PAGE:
Visual literacy helps security professionals see the big picture

Visual lessons grounded in arts education can make a difference in what you see and how to interpret meaning. This idea holds intriguing potential for identifying safety hazards, where it’s easy to miss important details in an all-too-familiar work environment.

“Generally, it takes an incident to inform us that a danger exists. While it’s really important that when we have an incident we identify it and fix it, it’s also a bad way to run a security program if that’s all you’re focusing on,” says Doug Pontsler, president and CEO of the Center of Visual Expertise (COVE), an organization that teaches visual literacy applied to industrial and workplace safety.

He posits that most people can improve their ability to see things around them in more detail, especially in familiar surroundings. And, if workers see what they might otherwise miss, they are likely to take action and improve their own personal safety as well as the safety of others.

It was this notion that prompted Pontsler to explore visual literacy training and how it could be applied to health and safety. In 2015, he worked as a safety professional at fiberglass composite manufacturer Owens Corning in Toledo, Ohio. Although the company has had success with its safety practices, management has sought to improve hazard recognition.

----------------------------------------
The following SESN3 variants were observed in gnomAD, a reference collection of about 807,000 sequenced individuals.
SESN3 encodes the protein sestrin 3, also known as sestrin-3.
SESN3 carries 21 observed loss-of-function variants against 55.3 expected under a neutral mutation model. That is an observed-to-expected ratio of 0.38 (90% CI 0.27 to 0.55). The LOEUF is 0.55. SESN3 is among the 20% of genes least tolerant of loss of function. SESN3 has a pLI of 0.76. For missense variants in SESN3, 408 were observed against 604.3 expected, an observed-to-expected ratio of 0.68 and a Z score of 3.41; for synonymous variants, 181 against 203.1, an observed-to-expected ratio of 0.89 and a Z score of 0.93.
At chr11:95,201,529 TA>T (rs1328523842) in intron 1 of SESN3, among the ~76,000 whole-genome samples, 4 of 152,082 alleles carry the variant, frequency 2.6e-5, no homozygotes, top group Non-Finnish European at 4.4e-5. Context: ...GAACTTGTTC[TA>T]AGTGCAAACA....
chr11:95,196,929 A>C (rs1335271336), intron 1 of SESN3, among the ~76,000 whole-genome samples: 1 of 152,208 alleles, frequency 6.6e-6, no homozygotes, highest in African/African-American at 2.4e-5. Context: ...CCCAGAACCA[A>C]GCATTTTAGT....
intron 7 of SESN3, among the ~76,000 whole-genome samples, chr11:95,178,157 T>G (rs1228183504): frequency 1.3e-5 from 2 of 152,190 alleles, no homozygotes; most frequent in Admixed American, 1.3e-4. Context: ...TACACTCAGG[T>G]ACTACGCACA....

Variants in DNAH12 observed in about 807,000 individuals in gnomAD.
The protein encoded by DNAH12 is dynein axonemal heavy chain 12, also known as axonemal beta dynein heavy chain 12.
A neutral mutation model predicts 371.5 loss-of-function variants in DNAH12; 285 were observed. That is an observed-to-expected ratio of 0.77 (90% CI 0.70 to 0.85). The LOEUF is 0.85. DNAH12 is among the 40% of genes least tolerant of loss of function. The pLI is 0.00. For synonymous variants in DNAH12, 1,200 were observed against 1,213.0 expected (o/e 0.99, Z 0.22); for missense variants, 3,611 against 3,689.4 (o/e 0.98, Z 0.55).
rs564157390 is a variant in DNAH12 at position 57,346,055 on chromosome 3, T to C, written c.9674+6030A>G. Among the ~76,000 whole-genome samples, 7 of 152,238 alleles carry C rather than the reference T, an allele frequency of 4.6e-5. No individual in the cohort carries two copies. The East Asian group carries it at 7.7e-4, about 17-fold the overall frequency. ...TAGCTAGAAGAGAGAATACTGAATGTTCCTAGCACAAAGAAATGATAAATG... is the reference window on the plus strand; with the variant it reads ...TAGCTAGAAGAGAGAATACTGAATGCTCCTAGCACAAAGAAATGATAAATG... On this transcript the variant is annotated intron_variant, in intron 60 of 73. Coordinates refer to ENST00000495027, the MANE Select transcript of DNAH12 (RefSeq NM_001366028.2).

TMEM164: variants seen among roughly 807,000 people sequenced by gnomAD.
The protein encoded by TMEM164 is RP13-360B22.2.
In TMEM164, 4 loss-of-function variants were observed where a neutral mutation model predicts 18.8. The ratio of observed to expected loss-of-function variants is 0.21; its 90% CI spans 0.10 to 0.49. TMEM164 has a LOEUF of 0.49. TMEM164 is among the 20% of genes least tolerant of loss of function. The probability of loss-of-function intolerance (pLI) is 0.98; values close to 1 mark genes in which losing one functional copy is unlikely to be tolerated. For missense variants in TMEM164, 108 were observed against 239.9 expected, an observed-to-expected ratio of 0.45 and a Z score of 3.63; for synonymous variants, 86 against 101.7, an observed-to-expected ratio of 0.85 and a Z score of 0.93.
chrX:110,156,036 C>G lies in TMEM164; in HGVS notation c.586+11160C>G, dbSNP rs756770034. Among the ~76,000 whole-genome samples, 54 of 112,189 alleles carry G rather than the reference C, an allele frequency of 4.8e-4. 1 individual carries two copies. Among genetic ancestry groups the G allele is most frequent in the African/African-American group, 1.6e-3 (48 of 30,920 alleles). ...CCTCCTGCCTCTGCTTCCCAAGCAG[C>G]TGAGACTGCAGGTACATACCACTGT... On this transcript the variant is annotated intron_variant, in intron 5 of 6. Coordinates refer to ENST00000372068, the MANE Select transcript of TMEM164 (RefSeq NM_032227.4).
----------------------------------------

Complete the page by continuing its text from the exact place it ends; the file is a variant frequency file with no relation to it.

Visual Literacy: From Art to Safety

By chance, Pontsler became aware of a program taught at the Toledo Museum of Art called “Learning to See”. This was training in observation techniques for the analysis and interpretation of works of art. The application of visual literacy in art seeks to focus on the finer details of what may not be obvious and to unlock the meaning of images created by an artist. It also teaches that personal experiences, expectations, and biases can limit the scope of what is seen and, more importantly, what might be missed. Pontsler quickly realized that these techniques could be applied to workplace safety.